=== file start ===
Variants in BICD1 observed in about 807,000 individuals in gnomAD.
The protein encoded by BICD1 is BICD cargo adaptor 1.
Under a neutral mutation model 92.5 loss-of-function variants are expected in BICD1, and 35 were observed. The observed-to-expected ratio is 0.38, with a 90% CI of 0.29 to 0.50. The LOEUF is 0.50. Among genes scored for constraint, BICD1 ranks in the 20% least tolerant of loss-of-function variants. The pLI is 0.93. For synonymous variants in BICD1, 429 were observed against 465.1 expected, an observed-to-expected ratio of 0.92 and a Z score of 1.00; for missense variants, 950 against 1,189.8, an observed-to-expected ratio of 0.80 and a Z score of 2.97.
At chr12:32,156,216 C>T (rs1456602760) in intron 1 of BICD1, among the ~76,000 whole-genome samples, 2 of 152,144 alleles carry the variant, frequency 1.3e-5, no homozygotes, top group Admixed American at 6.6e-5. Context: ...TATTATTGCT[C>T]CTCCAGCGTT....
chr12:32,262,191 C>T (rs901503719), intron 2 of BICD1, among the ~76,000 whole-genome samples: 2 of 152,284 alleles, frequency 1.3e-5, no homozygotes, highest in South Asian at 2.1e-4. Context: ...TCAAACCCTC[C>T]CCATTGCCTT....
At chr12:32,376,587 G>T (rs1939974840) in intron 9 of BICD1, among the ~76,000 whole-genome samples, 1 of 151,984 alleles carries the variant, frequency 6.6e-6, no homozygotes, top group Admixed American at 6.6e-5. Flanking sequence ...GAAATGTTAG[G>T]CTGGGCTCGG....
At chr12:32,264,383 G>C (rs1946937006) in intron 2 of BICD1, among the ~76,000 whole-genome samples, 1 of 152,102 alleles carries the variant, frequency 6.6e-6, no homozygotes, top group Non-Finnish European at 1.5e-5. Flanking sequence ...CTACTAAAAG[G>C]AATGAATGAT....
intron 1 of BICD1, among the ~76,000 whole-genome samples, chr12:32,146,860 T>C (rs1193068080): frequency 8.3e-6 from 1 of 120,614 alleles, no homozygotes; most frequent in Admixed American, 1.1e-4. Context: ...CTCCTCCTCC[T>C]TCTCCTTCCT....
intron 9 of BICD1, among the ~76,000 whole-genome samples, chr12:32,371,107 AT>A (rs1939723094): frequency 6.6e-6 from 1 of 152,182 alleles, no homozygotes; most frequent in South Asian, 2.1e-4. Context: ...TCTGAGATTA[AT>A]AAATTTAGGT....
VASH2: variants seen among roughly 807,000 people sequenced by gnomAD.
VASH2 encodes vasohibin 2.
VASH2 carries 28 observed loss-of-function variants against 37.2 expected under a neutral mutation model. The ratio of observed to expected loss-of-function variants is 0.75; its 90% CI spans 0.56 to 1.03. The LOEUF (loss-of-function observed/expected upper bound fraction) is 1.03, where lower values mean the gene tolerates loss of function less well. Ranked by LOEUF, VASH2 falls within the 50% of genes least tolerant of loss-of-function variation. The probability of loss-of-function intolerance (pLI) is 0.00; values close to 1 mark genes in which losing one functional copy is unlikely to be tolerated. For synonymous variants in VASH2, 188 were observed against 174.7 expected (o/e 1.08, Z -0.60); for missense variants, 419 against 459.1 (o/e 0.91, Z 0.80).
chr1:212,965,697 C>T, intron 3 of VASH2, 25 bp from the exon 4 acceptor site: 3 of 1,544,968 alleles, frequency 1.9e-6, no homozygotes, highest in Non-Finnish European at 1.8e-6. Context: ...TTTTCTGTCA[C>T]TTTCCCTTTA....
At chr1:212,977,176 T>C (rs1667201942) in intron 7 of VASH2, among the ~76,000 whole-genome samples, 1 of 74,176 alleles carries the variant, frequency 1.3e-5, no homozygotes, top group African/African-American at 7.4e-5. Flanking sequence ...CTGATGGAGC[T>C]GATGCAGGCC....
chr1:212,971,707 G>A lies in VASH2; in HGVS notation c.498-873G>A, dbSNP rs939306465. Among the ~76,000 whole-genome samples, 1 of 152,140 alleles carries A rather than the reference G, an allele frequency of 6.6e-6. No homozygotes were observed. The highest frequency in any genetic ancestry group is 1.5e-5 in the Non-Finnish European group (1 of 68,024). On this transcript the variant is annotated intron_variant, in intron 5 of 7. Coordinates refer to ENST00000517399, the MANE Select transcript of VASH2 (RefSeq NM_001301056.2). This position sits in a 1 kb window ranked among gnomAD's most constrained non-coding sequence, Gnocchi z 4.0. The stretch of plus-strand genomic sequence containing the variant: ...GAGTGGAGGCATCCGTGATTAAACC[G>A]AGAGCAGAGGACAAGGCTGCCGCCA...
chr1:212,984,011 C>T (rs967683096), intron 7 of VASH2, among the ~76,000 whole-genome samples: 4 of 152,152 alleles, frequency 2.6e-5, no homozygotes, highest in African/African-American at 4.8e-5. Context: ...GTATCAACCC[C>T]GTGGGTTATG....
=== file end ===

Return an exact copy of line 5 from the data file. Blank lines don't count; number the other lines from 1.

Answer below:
chr12:32,262,191 C>T (rs901503719), intron 2 of BICD1, among the ~76,000 whole-genome samples: 2 of 152,284 alleles, frequency 1.3e-5, no homozygotes, highest in South Asian at 2.1e-4. Context: ...TCAAACCCTC[C>T]CCATTGCCTT....